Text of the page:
Directed by the band, the recently released video for “Nosferatu Waltz” is split between footage of the band appearing as spectral and creepy figures shot in a grainy, old-fashioned black and white and extracts from Friedrich Wilhelm Murneau’s Nosferatu, Victor Halperin’s White Zombie, which starred Bela Lugosi and Jean Cocteau’s Beauty and the Beast.

“I had this idea for a bass riff variation on Tchaikovsky’s Nutcracker for a while so it flowed naturally from there,” Golem Dance Cult’s Charles Why says. He continues, “Inga Liljestrom lent us her amazing voice on this track and has a cameo at the end of the video.” Laur adds “Werner Herzog’s Nosferatu The Vampyre was the first horror movie I ever watched when I was like 10. Once you go black you can never go back they say…Vampire music is in my blood… “

New VIdeo: JOVM Mainstays Kælan Mikla Teams up with Alcest on Brooding and Atmospheric “Hvítir Sandar”

2018 was a breakthrough year for Reykjavik-based post-punk/industrial act and JOVM mainstays Kælan Mikla— Sólveig Matthildur Kristjánsdóttir (synths, vocals),  Margrét Rósa Dóru-Harrysdóttir (bass), and Laufey Soffía Þórsdóttir (vocals): The Cure’s Robert Smith championed the Icelandic trio, and handpicked them to open for the legendary British act’s festival stops through the UK and US. The Icelandic post punk outfit played that year’s Roadburn Festival, and they toured with King Dude. Interestingly enough, all of that happened before the release of their critically applauded third album Nótt eftir nott.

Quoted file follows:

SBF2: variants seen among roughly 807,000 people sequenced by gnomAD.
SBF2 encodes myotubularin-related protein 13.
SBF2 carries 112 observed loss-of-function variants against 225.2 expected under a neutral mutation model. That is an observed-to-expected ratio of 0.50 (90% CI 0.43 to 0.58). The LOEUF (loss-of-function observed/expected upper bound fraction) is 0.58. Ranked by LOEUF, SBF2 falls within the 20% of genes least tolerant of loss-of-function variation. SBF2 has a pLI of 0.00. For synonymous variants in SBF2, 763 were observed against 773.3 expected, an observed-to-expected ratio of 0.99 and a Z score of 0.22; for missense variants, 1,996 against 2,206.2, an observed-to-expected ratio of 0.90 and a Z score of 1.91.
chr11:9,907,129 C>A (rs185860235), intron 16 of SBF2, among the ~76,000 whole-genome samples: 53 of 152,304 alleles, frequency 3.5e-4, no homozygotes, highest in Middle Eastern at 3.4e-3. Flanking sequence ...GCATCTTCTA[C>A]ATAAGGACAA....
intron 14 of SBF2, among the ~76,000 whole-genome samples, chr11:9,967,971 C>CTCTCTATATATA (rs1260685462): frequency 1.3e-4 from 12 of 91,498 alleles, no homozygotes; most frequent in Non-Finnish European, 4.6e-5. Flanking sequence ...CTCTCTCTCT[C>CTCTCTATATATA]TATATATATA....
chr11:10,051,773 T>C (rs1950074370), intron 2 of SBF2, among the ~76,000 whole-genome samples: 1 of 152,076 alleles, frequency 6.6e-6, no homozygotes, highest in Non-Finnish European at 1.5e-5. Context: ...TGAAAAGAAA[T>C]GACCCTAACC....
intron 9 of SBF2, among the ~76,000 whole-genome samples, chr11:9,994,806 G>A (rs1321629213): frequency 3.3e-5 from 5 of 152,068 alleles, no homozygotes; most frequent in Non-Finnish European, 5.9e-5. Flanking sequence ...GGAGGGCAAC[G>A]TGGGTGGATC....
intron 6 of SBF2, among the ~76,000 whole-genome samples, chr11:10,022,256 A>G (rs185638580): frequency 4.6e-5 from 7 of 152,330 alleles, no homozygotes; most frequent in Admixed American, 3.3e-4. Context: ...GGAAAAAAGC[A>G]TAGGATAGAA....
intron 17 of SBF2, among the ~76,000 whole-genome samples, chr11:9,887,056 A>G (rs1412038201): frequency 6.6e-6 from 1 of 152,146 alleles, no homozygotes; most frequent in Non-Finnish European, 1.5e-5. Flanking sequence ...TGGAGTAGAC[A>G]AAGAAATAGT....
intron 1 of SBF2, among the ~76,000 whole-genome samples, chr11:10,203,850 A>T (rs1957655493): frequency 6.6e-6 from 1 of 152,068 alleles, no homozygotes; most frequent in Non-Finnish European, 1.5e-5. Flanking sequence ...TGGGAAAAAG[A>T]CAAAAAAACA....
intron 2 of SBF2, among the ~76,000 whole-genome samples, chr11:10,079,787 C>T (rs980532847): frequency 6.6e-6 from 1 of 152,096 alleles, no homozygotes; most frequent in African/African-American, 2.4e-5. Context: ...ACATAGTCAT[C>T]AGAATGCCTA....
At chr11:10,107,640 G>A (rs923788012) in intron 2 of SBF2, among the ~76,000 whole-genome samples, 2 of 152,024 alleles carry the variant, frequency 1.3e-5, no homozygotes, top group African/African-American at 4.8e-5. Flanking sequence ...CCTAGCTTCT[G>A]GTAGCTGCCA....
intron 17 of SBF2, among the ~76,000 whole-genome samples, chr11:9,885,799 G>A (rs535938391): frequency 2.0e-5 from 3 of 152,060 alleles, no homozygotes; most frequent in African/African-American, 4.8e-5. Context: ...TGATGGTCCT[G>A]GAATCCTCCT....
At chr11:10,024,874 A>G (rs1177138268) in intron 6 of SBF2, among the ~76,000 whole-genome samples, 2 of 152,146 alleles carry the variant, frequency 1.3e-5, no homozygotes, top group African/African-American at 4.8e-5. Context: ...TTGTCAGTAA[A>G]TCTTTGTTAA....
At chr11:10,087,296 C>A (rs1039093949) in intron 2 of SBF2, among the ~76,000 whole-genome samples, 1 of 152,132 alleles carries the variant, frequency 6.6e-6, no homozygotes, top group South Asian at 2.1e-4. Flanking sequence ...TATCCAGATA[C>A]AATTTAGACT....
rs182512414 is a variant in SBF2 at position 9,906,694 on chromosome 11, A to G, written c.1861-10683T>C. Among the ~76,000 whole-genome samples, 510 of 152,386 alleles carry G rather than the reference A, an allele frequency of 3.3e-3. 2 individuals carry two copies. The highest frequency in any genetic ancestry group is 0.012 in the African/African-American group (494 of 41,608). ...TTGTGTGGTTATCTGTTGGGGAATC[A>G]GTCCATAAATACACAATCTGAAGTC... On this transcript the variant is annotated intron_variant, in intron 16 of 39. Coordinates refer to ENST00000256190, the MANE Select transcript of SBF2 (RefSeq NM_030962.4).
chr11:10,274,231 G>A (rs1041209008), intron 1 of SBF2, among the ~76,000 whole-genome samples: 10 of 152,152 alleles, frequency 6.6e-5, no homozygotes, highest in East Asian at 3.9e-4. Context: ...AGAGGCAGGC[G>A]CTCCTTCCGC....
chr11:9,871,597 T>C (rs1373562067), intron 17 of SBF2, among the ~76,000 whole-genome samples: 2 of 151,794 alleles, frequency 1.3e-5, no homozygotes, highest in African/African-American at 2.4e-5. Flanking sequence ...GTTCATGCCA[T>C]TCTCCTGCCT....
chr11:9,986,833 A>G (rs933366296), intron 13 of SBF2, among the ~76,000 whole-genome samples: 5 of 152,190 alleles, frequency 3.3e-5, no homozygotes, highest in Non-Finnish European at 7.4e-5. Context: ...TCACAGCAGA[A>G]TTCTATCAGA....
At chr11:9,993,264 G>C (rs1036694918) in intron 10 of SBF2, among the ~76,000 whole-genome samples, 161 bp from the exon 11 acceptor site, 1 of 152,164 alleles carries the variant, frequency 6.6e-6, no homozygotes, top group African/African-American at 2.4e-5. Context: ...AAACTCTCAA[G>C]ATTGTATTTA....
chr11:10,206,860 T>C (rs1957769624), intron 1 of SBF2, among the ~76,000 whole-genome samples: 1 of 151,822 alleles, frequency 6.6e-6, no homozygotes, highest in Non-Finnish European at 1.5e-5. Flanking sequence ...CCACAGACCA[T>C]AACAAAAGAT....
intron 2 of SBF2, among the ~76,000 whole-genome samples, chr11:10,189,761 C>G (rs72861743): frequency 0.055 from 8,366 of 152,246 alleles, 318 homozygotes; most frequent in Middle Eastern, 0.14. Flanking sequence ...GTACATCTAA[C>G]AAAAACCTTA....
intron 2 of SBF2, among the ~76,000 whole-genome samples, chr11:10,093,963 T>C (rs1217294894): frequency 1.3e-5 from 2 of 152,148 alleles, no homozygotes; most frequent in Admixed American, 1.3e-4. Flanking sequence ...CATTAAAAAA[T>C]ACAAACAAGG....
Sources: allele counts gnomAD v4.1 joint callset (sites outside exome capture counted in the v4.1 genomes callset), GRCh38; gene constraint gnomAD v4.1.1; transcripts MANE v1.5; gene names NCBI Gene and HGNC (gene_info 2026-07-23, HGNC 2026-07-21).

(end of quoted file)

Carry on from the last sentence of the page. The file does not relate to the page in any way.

Undir Köldum Norðumljósum, the Reykjavik-based trio’s soon-to-be released, Barði Jóhannsson-produced fourth album is slated for release next week through their longtime label home Artoffact RecordsUndir Köldum Norðumljósum reportedly sees the trio crafting lush and cinematic material centered around shimmering synth arpeggios, ethereal vocals sung in their native Icelandic, spine-chilling background screams, relentless motorik grooves and programmed drums while pulling the listener into their unique world full of folklore, fairytales, magic, spells and mysticism. The album will also feature a guest spot from Alcest, who toured with the trio across the European Union before the pandemic. 

In the lead-up to the album’s release I’ve managed to write about three of the album’s released singles: